Jolted by memories triggered by an escaped hippopotamus from the abandoned zoo that was once owned by the drug lord Pablo Escobar, a man recollects on a series of events that altered his life to such a traumatic degree that he struggled to cope years later. Though the story is focused on this law professor named Antonio who unwittingly started a friendship with an older man while playing billiards in the afternoon after his lectures, it shows how the drug wars, especially in the early years of the 1980s, aﬀected people in Colombia, even those not directly tied to the drug trade. Antonio’s hesitant friendship with Laverde eventually lead to him being beside him when gun toting motorcyclists shot him down, and though Antonio survived the attack, both the physical and emotional wounds were severe. Two years later, he is still riddled with fears. When he receives a call from Laverde’s daughter Maya, he abandons his wife and young daughter and leaves the plateaus of Bogotá to descend into the Magdalena Valley, in search of answers for why he nearly lost his life. Near the end of his visit, he and Maya travel again to the ruins of Escobar’s zoo, which they both had visited as children.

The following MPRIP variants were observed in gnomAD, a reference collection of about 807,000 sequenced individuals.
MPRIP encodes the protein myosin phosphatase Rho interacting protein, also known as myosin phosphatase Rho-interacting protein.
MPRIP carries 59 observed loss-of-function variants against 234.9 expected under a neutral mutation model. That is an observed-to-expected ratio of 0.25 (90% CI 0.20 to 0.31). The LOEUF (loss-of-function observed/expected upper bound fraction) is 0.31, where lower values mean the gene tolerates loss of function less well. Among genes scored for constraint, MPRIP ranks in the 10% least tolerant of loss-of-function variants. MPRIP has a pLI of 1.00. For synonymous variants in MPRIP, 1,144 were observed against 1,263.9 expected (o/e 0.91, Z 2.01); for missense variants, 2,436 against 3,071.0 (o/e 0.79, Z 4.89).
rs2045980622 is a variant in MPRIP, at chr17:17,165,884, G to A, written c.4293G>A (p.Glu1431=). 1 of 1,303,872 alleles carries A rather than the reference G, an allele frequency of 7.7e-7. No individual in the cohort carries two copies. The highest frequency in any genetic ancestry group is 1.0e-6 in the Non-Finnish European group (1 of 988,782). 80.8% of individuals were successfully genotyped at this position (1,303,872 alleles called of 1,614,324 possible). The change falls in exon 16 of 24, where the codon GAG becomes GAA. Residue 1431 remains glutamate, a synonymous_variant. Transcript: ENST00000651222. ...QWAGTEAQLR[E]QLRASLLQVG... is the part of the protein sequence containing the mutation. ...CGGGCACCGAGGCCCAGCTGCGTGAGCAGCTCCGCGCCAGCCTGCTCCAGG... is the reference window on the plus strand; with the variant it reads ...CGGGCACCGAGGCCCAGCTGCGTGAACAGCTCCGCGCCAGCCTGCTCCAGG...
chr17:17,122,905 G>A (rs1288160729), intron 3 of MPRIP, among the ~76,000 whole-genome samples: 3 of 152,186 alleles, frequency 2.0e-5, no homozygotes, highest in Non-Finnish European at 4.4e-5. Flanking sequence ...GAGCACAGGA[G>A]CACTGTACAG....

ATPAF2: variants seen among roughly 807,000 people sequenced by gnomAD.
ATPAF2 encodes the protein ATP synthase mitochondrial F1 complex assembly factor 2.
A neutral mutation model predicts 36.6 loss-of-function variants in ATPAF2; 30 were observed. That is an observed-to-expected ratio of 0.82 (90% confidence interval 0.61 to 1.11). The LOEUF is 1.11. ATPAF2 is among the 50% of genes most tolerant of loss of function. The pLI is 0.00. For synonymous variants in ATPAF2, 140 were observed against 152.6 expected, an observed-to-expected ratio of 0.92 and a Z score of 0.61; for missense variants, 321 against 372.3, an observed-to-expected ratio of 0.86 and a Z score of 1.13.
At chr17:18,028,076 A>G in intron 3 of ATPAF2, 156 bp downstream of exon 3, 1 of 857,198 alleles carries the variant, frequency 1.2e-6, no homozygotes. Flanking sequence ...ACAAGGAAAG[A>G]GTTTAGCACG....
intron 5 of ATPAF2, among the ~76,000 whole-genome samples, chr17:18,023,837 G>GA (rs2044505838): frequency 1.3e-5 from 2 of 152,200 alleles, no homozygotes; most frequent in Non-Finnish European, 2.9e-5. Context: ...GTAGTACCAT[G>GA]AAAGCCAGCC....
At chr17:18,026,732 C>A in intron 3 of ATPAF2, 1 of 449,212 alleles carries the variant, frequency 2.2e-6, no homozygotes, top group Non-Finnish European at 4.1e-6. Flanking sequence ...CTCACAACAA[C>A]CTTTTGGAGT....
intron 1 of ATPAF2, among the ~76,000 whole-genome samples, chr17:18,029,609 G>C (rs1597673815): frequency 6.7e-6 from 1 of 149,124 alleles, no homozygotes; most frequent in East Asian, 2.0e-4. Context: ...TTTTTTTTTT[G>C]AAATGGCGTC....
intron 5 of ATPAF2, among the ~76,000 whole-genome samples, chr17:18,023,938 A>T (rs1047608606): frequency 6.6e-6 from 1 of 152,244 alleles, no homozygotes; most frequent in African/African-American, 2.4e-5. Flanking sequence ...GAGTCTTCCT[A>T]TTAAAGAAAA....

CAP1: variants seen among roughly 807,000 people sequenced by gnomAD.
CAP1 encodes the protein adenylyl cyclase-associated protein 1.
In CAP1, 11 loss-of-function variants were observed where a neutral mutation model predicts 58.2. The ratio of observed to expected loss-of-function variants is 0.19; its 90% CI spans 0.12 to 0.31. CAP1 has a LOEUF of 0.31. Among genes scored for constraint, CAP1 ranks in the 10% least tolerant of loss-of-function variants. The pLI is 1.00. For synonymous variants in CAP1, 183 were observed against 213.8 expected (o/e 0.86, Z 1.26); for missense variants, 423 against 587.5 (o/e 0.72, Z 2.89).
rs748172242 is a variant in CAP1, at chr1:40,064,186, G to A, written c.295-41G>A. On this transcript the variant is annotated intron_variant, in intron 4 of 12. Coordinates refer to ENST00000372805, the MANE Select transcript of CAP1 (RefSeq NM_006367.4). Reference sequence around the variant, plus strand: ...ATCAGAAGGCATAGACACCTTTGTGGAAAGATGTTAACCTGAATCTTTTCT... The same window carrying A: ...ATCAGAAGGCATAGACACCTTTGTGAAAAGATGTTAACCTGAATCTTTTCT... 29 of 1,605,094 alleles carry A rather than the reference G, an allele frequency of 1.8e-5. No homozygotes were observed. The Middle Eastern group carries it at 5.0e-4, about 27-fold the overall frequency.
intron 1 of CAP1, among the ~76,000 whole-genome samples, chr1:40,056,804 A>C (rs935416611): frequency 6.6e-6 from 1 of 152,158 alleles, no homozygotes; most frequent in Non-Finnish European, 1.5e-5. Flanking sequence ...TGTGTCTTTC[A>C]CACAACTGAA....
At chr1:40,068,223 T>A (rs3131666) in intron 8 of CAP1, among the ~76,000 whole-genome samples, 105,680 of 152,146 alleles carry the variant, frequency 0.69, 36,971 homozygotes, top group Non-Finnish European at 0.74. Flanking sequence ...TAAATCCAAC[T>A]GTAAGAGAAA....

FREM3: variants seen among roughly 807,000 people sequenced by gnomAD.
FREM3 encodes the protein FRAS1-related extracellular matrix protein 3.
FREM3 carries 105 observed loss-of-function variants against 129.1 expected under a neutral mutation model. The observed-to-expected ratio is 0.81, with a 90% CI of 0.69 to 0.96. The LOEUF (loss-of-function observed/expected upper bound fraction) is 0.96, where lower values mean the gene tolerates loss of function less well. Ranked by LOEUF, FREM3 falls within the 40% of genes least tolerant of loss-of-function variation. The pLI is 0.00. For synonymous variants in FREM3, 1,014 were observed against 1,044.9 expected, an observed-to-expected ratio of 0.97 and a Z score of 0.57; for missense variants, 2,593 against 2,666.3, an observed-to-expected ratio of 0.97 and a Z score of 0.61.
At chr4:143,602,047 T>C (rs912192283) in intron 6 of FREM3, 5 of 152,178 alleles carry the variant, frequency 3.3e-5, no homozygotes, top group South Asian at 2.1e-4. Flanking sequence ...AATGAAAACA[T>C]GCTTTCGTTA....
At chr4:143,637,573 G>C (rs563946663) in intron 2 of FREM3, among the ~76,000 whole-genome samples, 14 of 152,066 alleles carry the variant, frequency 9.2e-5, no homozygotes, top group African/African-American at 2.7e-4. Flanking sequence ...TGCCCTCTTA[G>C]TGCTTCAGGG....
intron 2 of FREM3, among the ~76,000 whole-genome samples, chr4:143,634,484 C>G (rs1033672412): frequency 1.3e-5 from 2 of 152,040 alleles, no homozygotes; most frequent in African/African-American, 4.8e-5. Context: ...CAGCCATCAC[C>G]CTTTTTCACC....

Sidenote: Apparently the hippos are still creating havoc and growing in numbers as, unlike the native Africa, “the warm, wet weather is perfect for year-round mating.”
It’s a wistful book with beautiful language and memorable scenes. There’s a recurring element of events mirrored in the various levels of the past Antonio digs into, including two plane crashes and two young children separated from their fathers, as well the two zoo visits. In a bit of external synchronicity, it ties in perfectly with Al’s essay on memory, which was what I read directly before starting this novel.